U.N. Crime Commission Takes Closer Look at Gangs, Urban Crime
USINFO Staff Writer
Vienna, Austria – Nearly one-sixth of the earth’s population lives in dangerous, crime-ridden conditions, says Antonio Maria Costa, executive director of the United Nations Office on Drugs and Crime (UNODC).
“In some of the world’s biggest cities there are neglected and dangerous neighborhoods where even the police fear to go,” he said April 23 at the opening of the 16th session of the United Nations Commission on Crime Prevention and Criminal Justice. “Close to 1 billion people live in diabolical ghettos and shanty-towns – that’s one-sixth of humanity – where the conduct of daily life is 30 times riskier than elsewhere.
“Fragile regions, debilitated by mass poverty, unemployment, corruption and violence, are breeding grounds for criminals and terrorists alike,” Costa said. “Some areas – within countries and across their borders – are out of government control: hell for their citizens, oases for organized crime. UNODC has provided ample evidence – with analyses covering Africa, Central America and soon the Balkans – that the poverty-crime cycle is doubly vicious: for its brutality and because it perpetuates itself.”
Gangs and urban crime will be a priority topic at the weeklong crime commission meeting in Vienna, Austria. During a press conference the same day, Costa said many of the cities that have the most severe problems are in Latin America and Africa.
Costa shared a personal experience he had during a visit to a Latin American city he declined to name. Flying by helicopter with the mayor of that large city, Costa said, required staying at altitudes that would keep them out of range of military-grade weapons available to the criminals that dominated life there.
To understand and find better ways to deal with crime, the UNODC is trying to compile data on the depth and breadth of the problem and on implementation of the U.N. Crime Convention by member states. “I should like to produce a world crime report, as we are producing yearly now for quite some time a world drug [narcotics] report,” Costa said.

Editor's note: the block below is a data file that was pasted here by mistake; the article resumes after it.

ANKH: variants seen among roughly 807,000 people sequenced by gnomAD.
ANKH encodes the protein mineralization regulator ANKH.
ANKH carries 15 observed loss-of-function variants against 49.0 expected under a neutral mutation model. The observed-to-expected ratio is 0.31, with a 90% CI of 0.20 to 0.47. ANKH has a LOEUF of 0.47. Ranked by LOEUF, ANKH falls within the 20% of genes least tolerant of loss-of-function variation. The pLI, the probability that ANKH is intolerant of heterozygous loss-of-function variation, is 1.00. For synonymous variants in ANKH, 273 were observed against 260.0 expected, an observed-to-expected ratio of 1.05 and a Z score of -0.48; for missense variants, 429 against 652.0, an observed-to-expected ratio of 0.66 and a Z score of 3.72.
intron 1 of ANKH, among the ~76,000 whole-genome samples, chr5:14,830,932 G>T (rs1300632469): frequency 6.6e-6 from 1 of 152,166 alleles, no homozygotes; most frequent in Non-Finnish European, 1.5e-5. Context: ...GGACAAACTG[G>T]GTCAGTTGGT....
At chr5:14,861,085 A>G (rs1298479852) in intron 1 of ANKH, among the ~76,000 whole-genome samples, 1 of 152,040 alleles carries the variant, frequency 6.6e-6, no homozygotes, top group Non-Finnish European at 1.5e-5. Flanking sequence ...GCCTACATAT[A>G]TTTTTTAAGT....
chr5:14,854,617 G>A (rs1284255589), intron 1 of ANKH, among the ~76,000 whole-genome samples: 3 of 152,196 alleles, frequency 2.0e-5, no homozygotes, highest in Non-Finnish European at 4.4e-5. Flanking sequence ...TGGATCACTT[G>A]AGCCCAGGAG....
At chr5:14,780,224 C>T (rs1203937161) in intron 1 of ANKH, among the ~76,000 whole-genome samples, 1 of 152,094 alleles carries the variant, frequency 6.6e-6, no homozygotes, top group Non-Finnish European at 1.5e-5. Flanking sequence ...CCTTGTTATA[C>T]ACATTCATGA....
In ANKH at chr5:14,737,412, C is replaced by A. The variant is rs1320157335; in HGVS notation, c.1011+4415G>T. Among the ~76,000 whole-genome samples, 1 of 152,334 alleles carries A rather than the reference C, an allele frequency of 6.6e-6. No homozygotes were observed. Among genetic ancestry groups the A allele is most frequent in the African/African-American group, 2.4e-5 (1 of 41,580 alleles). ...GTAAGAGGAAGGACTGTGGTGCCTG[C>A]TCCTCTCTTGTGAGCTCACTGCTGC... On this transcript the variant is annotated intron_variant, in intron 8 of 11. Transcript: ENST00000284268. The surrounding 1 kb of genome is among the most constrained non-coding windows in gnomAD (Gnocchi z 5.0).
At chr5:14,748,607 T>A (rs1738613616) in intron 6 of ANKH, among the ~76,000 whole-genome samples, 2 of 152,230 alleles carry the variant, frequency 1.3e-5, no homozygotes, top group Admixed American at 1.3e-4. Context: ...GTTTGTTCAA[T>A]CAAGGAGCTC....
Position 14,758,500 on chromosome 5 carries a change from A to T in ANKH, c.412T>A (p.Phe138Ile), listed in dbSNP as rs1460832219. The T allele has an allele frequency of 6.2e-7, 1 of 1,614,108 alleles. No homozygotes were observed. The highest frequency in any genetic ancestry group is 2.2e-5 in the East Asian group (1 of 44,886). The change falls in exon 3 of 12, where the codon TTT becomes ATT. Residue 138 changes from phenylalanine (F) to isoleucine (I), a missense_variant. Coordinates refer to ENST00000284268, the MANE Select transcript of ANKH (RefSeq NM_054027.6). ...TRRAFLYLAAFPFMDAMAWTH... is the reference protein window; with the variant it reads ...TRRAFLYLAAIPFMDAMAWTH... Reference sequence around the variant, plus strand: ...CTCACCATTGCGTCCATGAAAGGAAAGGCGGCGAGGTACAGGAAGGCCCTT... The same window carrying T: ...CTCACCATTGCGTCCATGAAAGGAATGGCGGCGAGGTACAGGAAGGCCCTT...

So far, only one-fifth of the member states have returned the UNODC questionnaire, he said. Many countries do not have the information and/or need technical assistance to be able to create a useful picture of the crime problems in their countries, Costa said.
U.S. TO SHARE “BEST PRACTICES” ON DEALING WITH GANGS
“Gangs are expanding across the United States and their activities have reached critical proportions in El Salvador, Guatemala, Honduras and on Mexico’s southern border,” Deputy Assistant Secretary of State Elizabeth Verville told USINFO. Verville, who is leading the U.S. delegation to the U.N. conference, is the State Department’s expert on international crime for its Bureau of International Narcotics and Law Enforcement Affairs.
“Indeed, the gang problem is one of the top public security issues facing a number of Central American governments and the United States,” she said. “At the Crime Commission, the United States will share best practices and lessons learned, and ask that other countries do the same.”
Specifically, the United States, Verville said, has developed an anti-gang strategy that coordinates international actions of all U.S. government agencies in cooperation with affected countries and includes diplomacy, law enforcement cooperation, capacity enhancement, prevention and improved approaches to illegal migration and repatriation.
The U.N. Convention against Transnational Organized Crime (UNTOC), Verville explained, provides the global framework to make international cooperation on fighting organized crime a reality. Entering into force in September 2003, the UNTOC is the first legally binding global instrument that specifically targets transnational organized crime.
“The Convention creates a broad framework for mutual legal assistance, extradition and practical law enforcement cooperation,” Verville said. “In addition, the U.N. Convention against Corruption (UNCAC) serves as a basis for international cooperation to target and combat corruption.”
Costa has characterized corruption as both a crime in itself and “a lubricant for other crimes.”
“It facilitates criminal actions that result in the stealing of public property and of poor people’s essential services,” he said.
In her remarks to USINFO, Verville noted that UNCAC, as the first anti-corruption agreement to be applied at the global level, commits parties to criminalize bribery and other corrupt conduct, to take a wide variety of measures to prevent corruption from happening, to cooperate internationally on a law enforcement level and to implement measures that will facilitate cooperation on extradition, mutual legal assistance, transfer of sentenced persons, joint investigations and special investigative techniques.
“It also contains an innovative chapter that develops a framework for international cooperation on asset recovery cases,” Verville said. “By fully implementing both the UNTOC and the UNCAC, countries will demonstrate that they are committed to staying ahead of the criminals by utilizing the incredible breadth of these Conventions,” she said.
For more information, see Bribery and Corruption.